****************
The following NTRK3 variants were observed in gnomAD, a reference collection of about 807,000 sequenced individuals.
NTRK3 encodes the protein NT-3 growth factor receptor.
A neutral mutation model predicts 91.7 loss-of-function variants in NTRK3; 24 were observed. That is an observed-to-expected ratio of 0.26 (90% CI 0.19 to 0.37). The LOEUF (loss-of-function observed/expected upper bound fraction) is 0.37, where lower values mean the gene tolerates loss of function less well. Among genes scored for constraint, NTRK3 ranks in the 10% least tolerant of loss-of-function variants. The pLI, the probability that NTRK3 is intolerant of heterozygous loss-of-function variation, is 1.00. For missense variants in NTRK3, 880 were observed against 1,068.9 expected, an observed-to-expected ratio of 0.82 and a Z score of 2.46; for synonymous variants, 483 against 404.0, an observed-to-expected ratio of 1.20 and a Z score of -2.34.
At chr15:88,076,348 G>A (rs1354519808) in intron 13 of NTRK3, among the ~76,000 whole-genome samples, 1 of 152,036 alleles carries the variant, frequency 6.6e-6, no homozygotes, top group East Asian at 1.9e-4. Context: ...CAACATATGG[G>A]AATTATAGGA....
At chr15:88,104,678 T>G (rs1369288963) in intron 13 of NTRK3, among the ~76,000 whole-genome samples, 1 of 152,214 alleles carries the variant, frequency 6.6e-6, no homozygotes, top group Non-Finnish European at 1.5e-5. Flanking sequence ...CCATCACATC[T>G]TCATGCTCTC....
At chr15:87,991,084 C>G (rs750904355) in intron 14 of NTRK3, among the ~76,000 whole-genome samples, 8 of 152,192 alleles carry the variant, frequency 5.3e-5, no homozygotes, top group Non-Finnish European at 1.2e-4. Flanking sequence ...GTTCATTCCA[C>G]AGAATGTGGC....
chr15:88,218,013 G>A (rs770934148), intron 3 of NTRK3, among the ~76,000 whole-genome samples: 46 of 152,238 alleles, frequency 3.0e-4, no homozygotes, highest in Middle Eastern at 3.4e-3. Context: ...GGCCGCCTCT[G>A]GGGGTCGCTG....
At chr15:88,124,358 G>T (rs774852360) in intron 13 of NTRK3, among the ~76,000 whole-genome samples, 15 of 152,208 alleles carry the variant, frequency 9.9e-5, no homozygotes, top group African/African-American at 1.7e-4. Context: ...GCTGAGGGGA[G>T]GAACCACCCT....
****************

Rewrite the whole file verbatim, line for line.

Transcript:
The following NTRK3 variants were observed in gnomAD, a reference collection of about 807,000 sequenced individuals.
NTRK3 encodes the protein NT-3 growth factor receptor.
A neutral mutation model predicts 91.7 loss-of-function variants in NTRK3; 24 were observed. That is an observed-to-expected ratio of 0.26 (90% CI 0.19 to 0.37). The LOEUF (loss-of-function observed/expected upper bound fraction) is 0.37, where lower values mean the gene tolerates loss of function less well. Among genes scored for constraint, NTRK3 ranks in the 10% least tolerant of loss-of-function variants. The pLI, the probability that NTRK3 is intolerant of heterozygous loss-of-function variation, is 1.00. For missense variants in NTRK3, 880 were observed against 1,068.9 expected, an observed-to-expected ratio of 0.82 and a Z score of 2.46; for synonymous variants, 483 against 404.0, an observed-to-expected ratio of 1.20 and a Z score of -2.34.
At chr15:88,076,348 G>A (rs1354519808) in intron 13 of NTRK3, among the ~76,000 whole-genome samples, 1 of 152,036 alleles carries the variant, frequency 6.6e-6, no homozygotes, top group East Asian at 1.9e-4. Context: ...CAACATATGG[G>A]AATTATAGGA....
At chr15:88,104,678 T>G (rs1369288963) in intron 13 of NTRK3, among the ~76,000 whole-genome samples, 1 of 152,214 alleles carries the variant, frequency 6.6e-6, no homozygotes, top group Non-Finnish European at 1.5e-5. Flanking sequence ...CCATCACATC[T>G]TCATGCTCTC....
At chr15:87,991,084 C>G (rs750904355) in intron 14 of NTRK3, among the ~76,000 whole-genome samples, 8 of 152,192 alleles carry the variant, frequency 5.3e-5, no homozygotes, top group Non-Finnish European at 1.2e-4. Flanking sequence ...GTTCATTCCA[C>G]AGAATGTGGC....
chr15:88,218,013 G>A (rs770934148), intron 3 of NTRK3, among the ~76,000 whole-genome samples: 46 of 152,238 alleles, frequency 3.0e-4, no homozygotes, highest in Middle Eastern at 3.4e-3. Context: ...GGCCGCCTCT[G>A]GGGGTCGCTG....
At chr15:88,124,358 G>T (rs774852360) in intron 13 of NTRK3, among the ~76,000 whole-genome samples, 15 of 152,208 alleles carry the variant, frequency 9.9e-5, no homozygotes, top group African/African-American at 1.7e-4. Context: ...GCTGAGGGGA[G>T]GAACCACCCT....